[0053] A “payment token issuer identifier” may include any sequence of characters, numbers, or other identifiers that may be used to identify the issuer associated with the payment token. For example, the issuer identifier of a payment token may include a BIN of a token that identifies a particular issuer associated with an account identified using the token. In some embodiments, the issuer identifier of the payment token may be associated with a real issuer identifier (eg, BIN) for the issuer. For example, the issuer identifier of a payment token may include a six-digit numeric value that may be associated with the issuer. For example, any token that includes the identifier of the issuer of the payment token may be associated with a particular issuer. In this regard, the issuer can be identified using the appropriate range of issuer identifiers associated with the token issuer identifier. For example, the issuer identifier of the payment token “490000” corresponding to the payment token “4900 0000 0000 0001” may be associated with the issuer identifier “414709” corresponding to the identifier of the payment account “4147 0900 0000 1234”. In some embodiments, the payment token issuer identifier is static for the issuer. For example, the identifier of the issuer of the payment token (for example, "490000") may correspond to the first issuer, and another identifier of the issuer of the payment token (for example, "520000") may correspond to the second issuer, and the first and second identifiers of issuers of payment tokens cannot be changed or modified without informing all objects in the network token processing system. In some embodiments, implementation, the range of the identifier of the issuer of the payment token may correspond to the identifier of the issuer. For example, payment tokens, including identifiers of issuers of payment tokens from "490000" to "490002", may correspond to the first issuer (for example, link to the identifier of the issuer "414709"), and payment tokens, including identifiers of issuers of payment tokens from " 520000 "-" 520002 ", may correspond to the second issuer (for example, link with the real issuer identifier" 417548 ").

[0054] A “token presentation mode” may indicate a method through which a token is sent for a transaction. Some non-limiting examples of the token presentation mode may include machine-readable codes (e.g., QR ™ code, barcode, etc.), mobile contactless modes (e.g., near field communication (NFC)), remote modes on e-commerce base, non-contact modes based on e-commerce and any other suitable modes in which you can send a token. Tokens can be provided through any number of different ways. For example, in one implementation, the token may be embedded in a machine-readable code that may be generated by a purse provider, application for mobile devices, or another application on a mobile device and displayed on a display of a mobile device. Machine-readable code can be scanned in POS, through which the token is transferred to the seller. Mobile contactless mode may include the passage of a token through NFC in a contactless message. E-commerce-based remote mode can include sending a token to a consumer or purse provider through an online transaction or as an e-commerce transaction using a seller’s application or another mobile application. Non-contact mode based on electronic commerce may include sending a token by a consumer from a wallet application on a mobile device at the seller’s location.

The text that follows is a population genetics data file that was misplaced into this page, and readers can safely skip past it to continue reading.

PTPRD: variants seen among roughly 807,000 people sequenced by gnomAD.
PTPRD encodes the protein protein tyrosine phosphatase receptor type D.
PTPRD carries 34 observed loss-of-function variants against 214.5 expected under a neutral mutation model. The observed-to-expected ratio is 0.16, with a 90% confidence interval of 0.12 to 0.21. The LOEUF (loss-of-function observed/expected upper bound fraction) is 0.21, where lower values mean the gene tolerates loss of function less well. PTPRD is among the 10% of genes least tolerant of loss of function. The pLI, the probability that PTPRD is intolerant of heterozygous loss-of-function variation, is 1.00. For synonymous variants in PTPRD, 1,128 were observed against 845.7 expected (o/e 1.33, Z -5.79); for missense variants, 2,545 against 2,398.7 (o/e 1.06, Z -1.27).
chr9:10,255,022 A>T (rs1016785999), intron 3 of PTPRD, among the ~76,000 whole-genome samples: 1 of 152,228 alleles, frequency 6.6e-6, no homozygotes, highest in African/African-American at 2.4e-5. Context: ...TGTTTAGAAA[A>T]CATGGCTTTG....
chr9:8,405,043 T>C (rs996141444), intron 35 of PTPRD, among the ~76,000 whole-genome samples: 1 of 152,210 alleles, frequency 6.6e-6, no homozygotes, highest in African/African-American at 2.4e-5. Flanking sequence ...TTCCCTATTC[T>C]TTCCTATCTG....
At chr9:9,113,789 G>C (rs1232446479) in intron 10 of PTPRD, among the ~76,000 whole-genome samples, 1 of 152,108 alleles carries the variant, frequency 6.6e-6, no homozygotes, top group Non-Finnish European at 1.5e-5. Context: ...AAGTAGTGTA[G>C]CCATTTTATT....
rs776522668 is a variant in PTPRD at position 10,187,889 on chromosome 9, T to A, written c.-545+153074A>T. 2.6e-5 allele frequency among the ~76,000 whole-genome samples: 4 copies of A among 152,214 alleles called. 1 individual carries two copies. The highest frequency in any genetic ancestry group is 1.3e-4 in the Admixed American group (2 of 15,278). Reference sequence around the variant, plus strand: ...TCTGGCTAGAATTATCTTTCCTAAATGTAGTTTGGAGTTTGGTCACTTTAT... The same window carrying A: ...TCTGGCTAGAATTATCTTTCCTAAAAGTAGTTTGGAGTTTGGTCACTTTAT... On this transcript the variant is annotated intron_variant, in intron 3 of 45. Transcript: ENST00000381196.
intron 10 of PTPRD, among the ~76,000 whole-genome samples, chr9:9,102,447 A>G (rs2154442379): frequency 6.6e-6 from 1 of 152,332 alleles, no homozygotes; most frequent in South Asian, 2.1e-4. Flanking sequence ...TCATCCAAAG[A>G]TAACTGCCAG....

[0055] "Labeling" is the process by which data is replaced with replacement data. For example, a payment account identifier (e.g., primary account number (PAN)) can be marked by replacing the primary account identifier with a replacement number that can be associated with a payment account identifier. Additionally, the labeling can be applied to any other information that can be replaced by a replacement value (i.e., a token).

[0056] “Token replacement” or “marking” is the process of recovering data that is replaced during marking. For example, replacing tokens may include replacing a payment token with an associated primary account number (PAN), which is associated with a payment token during PAN marking. Additionally, unmarking or replacing tokens can be applied to any other information. In some embodiments, token replacement can be achieved using a transactional message, such as an ISO message, an application programming interface (API), or another type of web interface (e.g., a web request).

[0057] "Authentication" is a process by which the credentials of an endpoint (including, but not limited to, applications, people, devices, processes and systems) can be verified to ensure that the endpoint is that what is announced.

[0058] An “original” transaction may include any transaction that includes authorization provided by the issuer or authorization provided on behalf of the issuer.

[0059] A “substitute” transaction can be any transaction that is associated with the original transaction and which is carried out after the original transaction, including re-payments, refunds, cancellation of payments or non-standard payment operations (chargebacks, resubmission, etc. )